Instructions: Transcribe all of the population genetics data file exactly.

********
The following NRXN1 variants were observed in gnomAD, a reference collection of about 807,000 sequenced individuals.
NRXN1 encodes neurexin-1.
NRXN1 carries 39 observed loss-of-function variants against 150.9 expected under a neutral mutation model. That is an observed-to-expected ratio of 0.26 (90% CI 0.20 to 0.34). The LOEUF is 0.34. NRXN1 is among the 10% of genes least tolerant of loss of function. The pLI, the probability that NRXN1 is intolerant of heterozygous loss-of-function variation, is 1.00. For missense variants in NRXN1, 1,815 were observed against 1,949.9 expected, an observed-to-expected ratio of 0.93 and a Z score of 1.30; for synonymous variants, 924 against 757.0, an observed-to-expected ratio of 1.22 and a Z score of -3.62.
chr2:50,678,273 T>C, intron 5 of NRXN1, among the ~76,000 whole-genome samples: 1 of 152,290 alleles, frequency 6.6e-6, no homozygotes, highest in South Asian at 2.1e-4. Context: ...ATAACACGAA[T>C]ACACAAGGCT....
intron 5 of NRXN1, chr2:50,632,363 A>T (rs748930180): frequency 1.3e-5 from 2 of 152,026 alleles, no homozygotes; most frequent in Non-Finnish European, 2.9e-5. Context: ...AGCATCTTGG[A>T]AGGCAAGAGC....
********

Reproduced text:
The following NRXN1 variants were observed in gnomAD, a reference collection of about 807,000 sequenced individuals.
NRXN1 encodes neurexin-1.
NRXN1 carries 39 observed loss-of-function variants against 150.9 expected under a neutral mutation model. That is an observed-to-expected ratio of 0.26 (90% CI 0.20 to 0.34). The LOEUF is 0.34. NRXN1 is among the 10% of genes least tolerant of loss of function. The pLI, the probability that NRXN1 is intolerant of heterozygous loss-of-function variation, is 1.00. For missense variants in NRXN1, 1,815 were observed against 1,949.9 expected, an observed-to-expected ratio of 0.93 and a Z score of 1.30; for synonymous variants, 924 against 757.0, an observed-to-expected ratio of 1.22 and a Z score of -3.62.
chr2:50,678,273 T>C, intron 5 of NRXN1, among the ~76,000 whole-genome samples: 1 of 152,290 alleles, frequency 6.6e-6, no homozygotes, highest in South Asian at 2.1e-4. Context: ...ATAACACGAA[T>C]ACACAAGGCT....
intron 5 of NRXN1, chr2:50,632,363 A>T (rs748930180): frequency 1.3e-5 from 2 of 152,026 alleles, no homozygotes; most frequent in Non-Finnish European, 2.9e-5. Context: ...AGCATCTTGG[A>T]AGGCAAGAGC....